Funding lags demand for Bangor-area meal delivery program

By Kathleen O’Brien, Bangor Daily News Staff

The group that runs Greater Bangor’s meal delivery program for older residents is working hard to overcome a roughly $126,000 funding gap due to receding federal funding, rising food prices and increased demand.

The Meals on Wheels programs run by the Brewer-based Eastern Area Agency on Aging normally delivers meals to more than 600 older adults who are unable to leave their homes and cannot cook for themselves.  

But it’s gotten harder to do that lately, due to climbing food prices and government funding that has stalled due to the expiration of pandemic-era funding. Meanwhile, demand for the resource has grown, forcing the organization to start a Meals on Wheels waitlist for the first time. 

The agency went from serving 68,000 meals in 2017 to roughly 188,900 meals in 2020 when COVID-19 hit Maine, according to Christopher Hill, spokesperson for the Eastern Area Agency on Aging. In 2023, the organization delivered 250,854 meals to 711 people enrolled in the program. 

All of those factors combined to bring new urgency to the agency’s Save the Lunch fundraiser for Meals on Wheels. Versant Power donated $10,000 to the campaign last week, bringing its fundraising total to $14,637, according to Hill.

Today, 640 people from Penobscot, Piscataquis, Washington, and Hancock counties are enrolled in the Meals on Wheels service, but 120 people sit on a waitlist to receive help. 

Federal funding supported about 72 percent of the organization’s $2.5 million budget in the last fiscal year, according to Hill. However, federal funding dropped to carry only 45 percent of the agency’s $2.3 million budget in fiscal year 2024.

The lapse in federal funding comes from a one percent dip in financial support from Congress’ Older American Act this upcoming budget year, which supports services for seniors, including nutrition programs.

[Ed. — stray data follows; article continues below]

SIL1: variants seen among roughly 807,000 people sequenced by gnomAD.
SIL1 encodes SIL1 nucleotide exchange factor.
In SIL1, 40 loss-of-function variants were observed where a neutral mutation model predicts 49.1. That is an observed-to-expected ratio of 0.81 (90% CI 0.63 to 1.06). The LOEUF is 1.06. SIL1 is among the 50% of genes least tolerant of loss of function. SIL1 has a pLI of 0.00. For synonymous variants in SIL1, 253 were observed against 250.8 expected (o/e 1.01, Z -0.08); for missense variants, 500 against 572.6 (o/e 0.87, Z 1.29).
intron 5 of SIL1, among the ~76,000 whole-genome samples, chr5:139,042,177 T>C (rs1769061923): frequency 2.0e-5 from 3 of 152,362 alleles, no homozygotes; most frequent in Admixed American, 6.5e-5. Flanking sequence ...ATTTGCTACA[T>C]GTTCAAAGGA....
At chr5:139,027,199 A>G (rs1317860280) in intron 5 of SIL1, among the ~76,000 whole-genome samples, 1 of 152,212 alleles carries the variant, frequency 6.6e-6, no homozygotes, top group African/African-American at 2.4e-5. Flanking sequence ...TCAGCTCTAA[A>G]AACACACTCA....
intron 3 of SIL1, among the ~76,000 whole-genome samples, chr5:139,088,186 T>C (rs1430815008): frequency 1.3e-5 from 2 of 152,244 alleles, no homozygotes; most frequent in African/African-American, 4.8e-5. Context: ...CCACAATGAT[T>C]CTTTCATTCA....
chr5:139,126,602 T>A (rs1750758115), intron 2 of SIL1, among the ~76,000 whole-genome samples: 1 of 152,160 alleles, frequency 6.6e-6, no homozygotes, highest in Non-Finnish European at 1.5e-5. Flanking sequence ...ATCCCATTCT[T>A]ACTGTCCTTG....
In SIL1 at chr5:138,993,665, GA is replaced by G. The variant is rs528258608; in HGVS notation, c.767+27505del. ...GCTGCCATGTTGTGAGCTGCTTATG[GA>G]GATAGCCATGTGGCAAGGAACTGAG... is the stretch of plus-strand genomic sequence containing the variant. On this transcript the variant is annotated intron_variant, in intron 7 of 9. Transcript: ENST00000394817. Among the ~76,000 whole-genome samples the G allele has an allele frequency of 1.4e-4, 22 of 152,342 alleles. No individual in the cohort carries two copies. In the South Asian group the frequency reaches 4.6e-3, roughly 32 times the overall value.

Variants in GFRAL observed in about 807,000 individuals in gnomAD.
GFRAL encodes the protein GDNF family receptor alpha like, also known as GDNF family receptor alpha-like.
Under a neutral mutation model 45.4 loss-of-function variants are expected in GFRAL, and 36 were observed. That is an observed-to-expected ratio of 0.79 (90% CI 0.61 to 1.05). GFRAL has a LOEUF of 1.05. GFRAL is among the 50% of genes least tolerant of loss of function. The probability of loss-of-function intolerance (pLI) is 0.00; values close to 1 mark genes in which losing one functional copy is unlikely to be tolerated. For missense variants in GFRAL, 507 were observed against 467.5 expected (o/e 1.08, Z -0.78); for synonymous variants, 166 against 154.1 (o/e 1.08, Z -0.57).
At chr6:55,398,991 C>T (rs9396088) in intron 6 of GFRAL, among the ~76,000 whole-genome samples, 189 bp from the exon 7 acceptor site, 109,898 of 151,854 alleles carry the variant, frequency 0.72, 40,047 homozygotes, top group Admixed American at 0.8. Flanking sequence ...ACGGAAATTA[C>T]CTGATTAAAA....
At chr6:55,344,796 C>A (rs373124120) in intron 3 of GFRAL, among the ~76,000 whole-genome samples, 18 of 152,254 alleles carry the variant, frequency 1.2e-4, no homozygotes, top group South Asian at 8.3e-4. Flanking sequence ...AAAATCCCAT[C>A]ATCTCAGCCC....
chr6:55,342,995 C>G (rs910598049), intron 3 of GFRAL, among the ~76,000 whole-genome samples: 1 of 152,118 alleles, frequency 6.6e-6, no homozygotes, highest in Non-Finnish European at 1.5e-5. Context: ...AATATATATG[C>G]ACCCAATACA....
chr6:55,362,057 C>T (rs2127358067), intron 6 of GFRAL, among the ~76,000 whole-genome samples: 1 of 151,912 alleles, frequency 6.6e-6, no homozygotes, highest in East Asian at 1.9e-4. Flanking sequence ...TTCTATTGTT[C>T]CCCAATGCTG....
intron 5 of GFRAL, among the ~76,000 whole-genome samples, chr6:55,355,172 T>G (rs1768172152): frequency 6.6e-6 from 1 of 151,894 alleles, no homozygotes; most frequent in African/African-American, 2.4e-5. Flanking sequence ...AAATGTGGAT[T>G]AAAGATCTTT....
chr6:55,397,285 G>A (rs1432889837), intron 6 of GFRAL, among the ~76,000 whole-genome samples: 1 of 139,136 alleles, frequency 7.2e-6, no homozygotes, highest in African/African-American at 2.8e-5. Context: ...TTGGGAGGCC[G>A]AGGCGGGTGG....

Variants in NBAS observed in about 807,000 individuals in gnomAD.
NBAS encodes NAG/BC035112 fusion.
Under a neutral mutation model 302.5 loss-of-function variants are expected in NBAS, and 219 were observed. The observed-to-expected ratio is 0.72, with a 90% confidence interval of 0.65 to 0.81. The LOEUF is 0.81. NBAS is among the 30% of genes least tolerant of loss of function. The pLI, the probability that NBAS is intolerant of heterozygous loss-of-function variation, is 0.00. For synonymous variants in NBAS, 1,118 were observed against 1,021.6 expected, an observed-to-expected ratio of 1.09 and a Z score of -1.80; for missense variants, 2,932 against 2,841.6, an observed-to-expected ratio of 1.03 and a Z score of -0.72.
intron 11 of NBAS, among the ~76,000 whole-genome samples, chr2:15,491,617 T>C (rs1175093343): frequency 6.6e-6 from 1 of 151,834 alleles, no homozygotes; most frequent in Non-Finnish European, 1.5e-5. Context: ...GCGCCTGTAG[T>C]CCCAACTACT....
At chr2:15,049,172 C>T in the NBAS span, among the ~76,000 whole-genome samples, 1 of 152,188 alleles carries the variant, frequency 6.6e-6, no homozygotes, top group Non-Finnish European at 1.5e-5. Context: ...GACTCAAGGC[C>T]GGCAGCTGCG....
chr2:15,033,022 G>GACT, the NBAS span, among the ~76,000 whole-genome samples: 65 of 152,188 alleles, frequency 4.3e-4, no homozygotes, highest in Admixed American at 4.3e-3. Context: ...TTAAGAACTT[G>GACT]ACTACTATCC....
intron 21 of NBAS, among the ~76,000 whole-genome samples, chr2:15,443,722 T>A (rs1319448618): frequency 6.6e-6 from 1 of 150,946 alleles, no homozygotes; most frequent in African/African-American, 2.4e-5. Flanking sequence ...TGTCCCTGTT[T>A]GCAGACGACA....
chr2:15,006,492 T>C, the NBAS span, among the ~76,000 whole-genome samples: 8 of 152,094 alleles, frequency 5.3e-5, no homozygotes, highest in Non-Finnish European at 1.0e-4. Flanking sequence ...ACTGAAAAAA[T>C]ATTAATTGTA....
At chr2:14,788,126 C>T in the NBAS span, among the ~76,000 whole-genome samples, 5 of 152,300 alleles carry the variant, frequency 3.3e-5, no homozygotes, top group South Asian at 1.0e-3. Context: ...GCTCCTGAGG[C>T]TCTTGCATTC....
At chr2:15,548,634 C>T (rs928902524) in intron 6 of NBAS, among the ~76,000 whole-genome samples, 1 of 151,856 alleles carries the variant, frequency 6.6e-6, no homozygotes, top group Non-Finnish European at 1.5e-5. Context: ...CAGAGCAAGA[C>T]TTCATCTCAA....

“While one percent doesn’t seem like a significant decrease, every dollar counts when we have individuals on a waiting list to receive these much-needed services,” Hill said. 

Meanwhile, the agency’s food costs rose by about 10 percent in recent months due to inflation, which threatens the number of adults the organization can serve, Hill said. 

In addition to fighting food insecurity and keeping people healthy, volunteers who deliver the meals provide a social outlet for many older adults who aren’t able to leave their home. Drivers also look out for recipients’ health, and can report any issues they spot with their wellbeing or living environment, according to Meals on Wheels America.

Maine is also the state with the highest median age, and roughly 30 percent of the state’s population is 60 or older, making the need for delivery programs especially pressing and growing, according to Meals on Wheels America. 

Additionally, about 10 percent of older adults in Maine sit below the poverty line and 11 percent qualify for Supplemental Nutrition Assistance Program benefits, which help low-income Mainers purchase healthy food. 

Nationwide, local Meals on Wheels services delivered 251 million meals to 2.2 million people in 2023, according to Meals on Wheels America.

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